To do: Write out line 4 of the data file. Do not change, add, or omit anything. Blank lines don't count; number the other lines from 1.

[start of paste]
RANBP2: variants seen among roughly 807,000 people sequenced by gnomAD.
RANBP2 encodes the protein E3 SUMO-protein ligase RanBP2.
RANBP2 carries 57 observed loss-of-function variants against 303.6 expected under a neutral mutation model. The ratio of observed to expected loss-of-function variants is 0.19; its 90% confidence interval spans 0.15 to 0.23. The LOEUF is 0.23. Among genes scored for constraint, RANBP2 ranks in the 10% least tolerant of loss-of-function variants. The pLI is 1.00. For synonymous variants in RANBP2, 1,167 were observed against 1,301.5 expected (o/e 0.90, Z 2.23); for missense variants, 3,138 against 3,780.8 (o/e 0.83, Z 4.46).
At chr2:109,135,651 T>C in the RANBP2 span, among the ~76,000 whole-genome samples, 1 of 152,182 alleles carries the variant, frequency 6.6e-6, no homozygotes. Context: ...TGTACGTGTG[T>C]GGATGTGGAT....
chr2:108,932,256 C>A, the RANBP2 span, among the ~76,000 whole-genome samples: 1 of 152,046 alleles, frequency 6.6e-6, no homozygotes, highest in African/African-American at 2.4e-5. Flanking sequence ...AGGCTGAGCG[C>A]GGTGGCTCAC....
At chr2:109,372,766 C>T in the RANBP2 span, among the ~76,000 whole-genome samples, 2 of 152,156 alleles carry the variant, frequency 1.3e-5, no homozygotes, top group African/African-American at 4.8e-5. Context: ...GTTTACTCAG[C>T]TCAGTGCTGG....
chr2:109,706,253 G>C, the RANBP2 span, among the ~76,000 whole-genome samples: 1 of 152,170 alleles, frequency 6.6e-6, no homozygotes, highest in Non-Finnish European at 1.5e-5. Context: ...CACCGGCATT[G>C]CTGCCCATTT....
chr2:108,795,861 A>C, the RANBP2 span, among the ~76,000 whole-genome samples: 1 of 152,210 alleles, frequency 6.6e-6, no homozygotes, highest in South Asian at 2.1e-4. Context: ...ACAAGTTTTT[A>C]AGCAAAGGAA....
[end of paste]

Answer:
At chr2:109,135,651 T>C in the RANBP2 span, among the ~76,000 whole-genome samples, 1 of 152,182 alleles carries the variant, frequency 6.6e-6, no homozygotes. Context: ...TGTACGTGTG[T>C]GGATGTGGAT....